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All words: Rachel Kurzius

You might have heard this story: there’s an exceptional warrior who lays down his sword and starts a family…until one last job throws all of that domesticity into upheaval. It’s the basic plot of most action movies. In Dracula Untold that man just happens to be Vlad the Impaler (Luke Evans), a child soldier in the Turkish military turned Prince of Transylvania.

Vlad starts off the movie as a peace-lovin’ prince who loves his wife Mirena (Sarah Gadon) and kid Ingeras (Art Parkison, aka Rickon from Game of Thrones). He still has the scars from Turkish whips and remembers how they cultivated his “thirst for blood” (foreshadowing alert). Can Vlad suppress his thirst when Sultan Mehmed (Dominic Cooper) announces he’s restarting the conscription program with 1,000 of Transylvania’s young lads, starting with Ingeras?

Debut director Gary Shore’s origin story is based on Bram Stoker’s inspiration for the name of Dracula — a fifteenth century Hungarian ruler named Vlad III. Writers Matt Sazama and Burk Sharpless want us to like Vlad, even if “I impaled one village to save ten more!” is a pretty bad excuse.

Dracula Untold

Vlad makes that excuse to the Master Vampire (Charles Dance) at Broken Tooth Mountain (seriously). Dance goes full Uncle Scar in these scenes, sneering “You have no idea” in The Lion King villain’s posh accent, minus the menace. Vlad and the Master Vampire make a deal. Vlad gets superhuman strength and senses for three days. If he can resist drinking human blood during that time, he’ll return to his normal, old self. But if he succumbs to his thirst, then he will be damned for eternity.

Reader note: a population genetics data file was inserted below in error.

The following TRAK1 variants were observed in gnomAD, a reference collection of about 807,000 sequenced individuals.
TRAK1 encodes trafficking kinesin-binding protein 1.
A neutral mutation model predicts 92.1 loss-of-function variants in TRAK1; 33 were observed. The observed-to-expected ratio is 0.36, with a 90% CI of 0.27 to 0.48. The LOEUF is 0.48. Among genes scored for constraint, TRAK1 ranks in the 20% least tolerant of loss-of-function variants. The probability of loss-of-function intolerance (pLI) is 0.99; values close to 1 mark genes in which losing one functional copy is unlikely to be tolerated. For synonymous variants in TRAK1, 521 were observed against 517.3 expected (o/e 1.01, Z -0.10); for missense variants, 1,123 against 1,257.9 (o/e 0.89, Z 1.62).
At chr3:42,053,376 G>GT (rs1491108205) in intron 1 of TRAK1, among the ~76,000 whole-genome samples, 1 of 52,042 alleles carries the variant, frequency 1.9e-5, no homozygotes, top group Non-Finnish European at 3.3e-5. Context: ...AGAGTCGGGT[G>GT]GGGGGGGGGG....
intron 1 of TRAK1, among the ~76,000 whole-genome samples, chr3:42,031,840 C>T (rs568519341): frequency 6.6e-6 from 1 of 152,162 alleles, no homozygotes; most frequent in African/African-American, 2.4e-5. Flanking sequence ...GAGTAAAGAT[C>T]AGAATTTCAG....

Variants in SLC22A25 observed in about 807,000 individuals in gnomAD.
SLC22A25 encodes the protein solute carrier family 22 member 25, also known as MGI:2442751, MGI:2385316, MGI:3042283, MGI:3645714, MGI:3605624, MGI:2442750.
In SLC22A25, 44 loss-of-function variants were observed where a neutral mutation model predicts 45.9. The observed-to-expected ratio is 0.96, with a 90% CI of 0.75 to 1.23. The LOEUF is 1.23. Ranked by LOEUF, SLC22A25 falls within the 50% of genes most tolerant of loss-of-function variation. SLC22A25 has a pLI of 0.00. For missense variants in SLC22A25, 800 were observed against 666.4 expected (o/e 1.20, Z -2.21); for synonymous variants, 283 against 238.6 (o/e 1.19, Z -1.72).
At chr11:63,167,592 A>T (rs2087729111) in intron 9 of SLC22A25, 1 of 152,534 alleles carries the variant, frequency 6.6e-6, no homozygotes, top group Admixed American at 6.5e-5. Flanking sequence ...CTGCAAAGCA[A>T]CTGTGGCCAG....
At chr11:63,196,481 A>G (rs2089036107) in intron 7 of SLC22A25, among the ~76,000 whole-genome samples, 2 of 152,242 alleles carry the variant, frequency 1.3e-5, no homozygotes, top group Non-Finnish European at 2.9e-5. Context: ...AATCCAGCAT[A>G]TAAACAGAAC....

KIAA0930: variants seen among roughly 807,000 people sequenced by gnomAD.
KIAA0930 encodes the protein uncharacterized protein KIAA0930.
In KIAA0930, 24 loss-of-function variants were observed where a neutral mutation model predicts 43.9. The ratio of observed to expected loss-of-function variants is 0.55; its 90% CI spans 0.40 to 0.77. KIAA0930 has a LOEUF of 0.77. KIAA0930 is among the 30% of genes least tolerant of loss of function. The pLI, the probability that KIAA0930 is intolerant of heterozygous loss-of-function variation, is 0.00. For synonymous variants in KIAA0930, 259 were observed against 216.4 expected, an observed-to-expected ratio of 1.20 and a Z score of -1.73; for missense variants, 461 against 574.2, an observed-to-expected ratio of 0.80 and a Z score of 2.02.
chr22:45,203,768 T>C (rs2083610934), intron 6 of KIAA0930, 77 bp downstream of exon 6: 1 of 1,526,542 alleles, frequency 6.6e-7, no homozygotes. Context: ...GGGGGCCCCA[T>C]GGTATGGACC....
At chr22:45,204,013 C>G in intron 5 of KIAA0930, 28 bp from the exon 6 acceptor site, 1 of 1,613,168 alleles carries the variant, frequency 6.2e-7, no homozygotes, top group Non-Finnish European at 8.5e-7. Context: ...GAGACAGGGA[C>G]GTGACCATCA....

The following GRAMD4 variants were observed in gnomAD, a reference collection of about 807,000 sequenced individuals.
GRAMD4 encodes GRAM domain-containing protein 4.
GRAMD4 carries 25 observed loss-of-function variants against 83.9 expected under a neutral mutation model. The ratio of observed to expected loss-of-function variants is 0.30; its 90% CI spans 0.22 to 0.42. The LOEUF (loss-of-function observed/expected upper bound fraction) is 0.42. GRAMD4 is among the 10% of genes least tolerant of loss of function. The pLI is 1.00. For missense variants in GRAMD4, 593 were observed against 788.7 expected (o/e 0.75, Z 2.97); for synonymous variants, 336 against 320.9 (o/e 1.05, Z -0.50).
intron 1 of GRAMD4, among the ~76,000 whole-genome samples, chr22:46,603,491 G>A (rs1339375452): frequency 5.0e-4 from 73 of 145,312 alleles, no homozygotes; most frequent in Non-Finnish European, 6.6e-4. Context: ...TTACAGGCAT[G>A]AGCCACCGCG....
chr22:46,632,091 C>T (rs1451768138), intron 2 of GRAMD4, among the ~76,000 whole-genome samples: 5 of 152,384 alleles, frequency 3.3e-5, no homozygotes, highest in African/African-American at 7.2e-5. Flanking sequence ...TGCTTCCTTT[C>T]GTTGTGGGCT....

So Vlad has three days to single-handedly defeat the Turkish army, all while not tasting the blood he spills. Tough order for our friend the Impaler. Because this is Dracula’s origin story, we know that Vlad drinks the blood. The question becomes whose hemoglobin he drinks and in what circumstance. This is pretty effective tension, because every moment could be the moment.

That feeling is the closest the movie comes to mirroring the gothic menace typically associated with Dracula interpretations. Dracula Untold prefers bigger action sequences to eerie staircases. Huge, CGI tornadoes of bats whirl around the Turkish army in a trick that looks cool but doesn’t make much sense as a deadly battle tactic. The hand-to-hand fight scenes are chaotically edited, so it’s hard to see what is going on. In one scene, you see the battle through the reflection of a sword, which then moves as its owner uses and then loses it. Creative elements like this are for naught when the battle itself is so jumbled.

You can safely assume Vlad is winning, though. With Universal announcing its intention to create an Avengers-like movie universe for all of its monsters, so Frankenstein, van Helsing, and the Mummy can star in overlapping films, we know Dracula has got to make it – if not alive, exactly – to the ending credits. “Avengers-like” is the new buzzword for movie studios, but I think they’re mistaken if they think having Charles Dance show up in monster movies, Samuel L. Jackson-style, is going to make them oodles of cash. The Avengers had fight scenes, sure, but it also had clever quips and fascinating characters. Dracula Untold lacks these elements (“I am what they fear on Broken Tooth Mountain” and “What man crawled into his own grave in search of hope?” are the only two lines I wrote down verbatim, both for being leaden).

At its best, Dracula Untold looks at the sacrifices it takes to wage war. Vlad learns that you can only win by being bloodthirsty. What are you going to drink when the battle is over?